Finally, the report incorporated information on its three Grand Challenges of empowering communities, advancing health and engineering the future economy.

These challenges are being used by the university as priorities to dedicate its research and scholarship towards. Progress has been made by U of L on these challenges through the convening of the Grand Challenges subcommittee and recruiting researchers and scholars to join the challenge.

File Photo // The Louisville Cardinal

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U of L becomes first Kentucky university named Adobe Creative Campus Thursday, Sep 24 2020 

By Madelin Shelton —

The University of Louisville has partnered with Adobe to become the first Adobe Creative Campus in Kentucky, offering all students, faculty and staff complete access to Adobe’s Creative Cloud applications.

The partnership, which will last for at least three years, provides those with a U of L email address free access to Adobe Photoshop, Illustrator, InDesign, Adobe XD and other Adobe products.

Karen Freberg, an associate professor in strategic communication at U of L, was one of the driving forces behind the partnership.

Freberg brought the program to the attention of U of L President Neeli Bendapudi last year who, along with the rest of university administration, gave support and encouragement to make the goal of Adobe Creative Campus status a reality.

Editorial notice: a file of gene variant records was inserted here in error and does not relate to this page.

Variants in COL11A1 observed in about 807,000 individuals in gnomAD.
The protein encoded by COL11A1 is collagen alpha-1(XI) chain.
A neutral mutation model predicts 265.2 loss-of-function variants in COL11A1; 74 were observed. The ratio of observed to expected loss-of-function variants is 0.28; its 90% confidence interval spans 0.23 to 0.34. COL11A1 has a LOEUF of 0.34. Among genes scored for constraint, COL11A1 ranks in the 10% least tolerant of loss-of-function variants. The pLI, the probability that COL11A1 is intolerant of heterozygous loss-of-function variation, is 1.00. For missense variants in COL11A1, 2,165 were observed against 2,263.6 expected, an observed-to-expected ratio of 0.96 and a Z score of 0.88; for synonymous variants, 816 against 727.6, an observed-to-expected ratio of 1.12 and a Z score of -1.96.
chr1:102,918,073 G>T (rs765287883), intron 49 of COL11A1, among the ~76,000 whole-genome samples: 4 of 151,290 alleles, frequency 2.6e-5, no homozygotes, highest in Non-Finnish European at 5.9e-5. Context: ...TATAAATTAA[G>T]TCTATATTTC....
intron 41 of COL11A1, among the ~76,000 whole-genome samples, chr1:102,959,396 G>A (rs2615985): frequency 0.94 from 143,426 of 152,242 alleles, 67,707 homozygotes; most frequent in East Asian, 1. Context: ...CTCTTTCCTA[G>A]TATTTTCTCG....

“Both U of L and Adobe are extremely excited about this partnership since this will not only benefit our campus, but the community and industry as well,” Freberg said. “Our students will have the knowledge and skills in Adobe products that will make them very marketable as they apply for jobs and internships.”

In addition to full access to Adobe’s Creative Cloud, Freberg said that the partnership with U of L will include fellowships, grants, communication with Adobe contacts, trainings and additional campus-wide events.

“Students will be able to get free access to Adobe products, allowing them to use industry level tools that will help them gain creativity and digital literacy skills, making them marketable for future positions,” Freberg said.

Graphic by Shayla Kerr // The Louisville Cardinal

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Facebook partners with U of L to launch new campus platform Friday, Sep 18 2020 


By Madelin Shelton — 

The University of Louisville has become one of 30 universities in the country to pilot the new Facebook platform, Facebook Campus.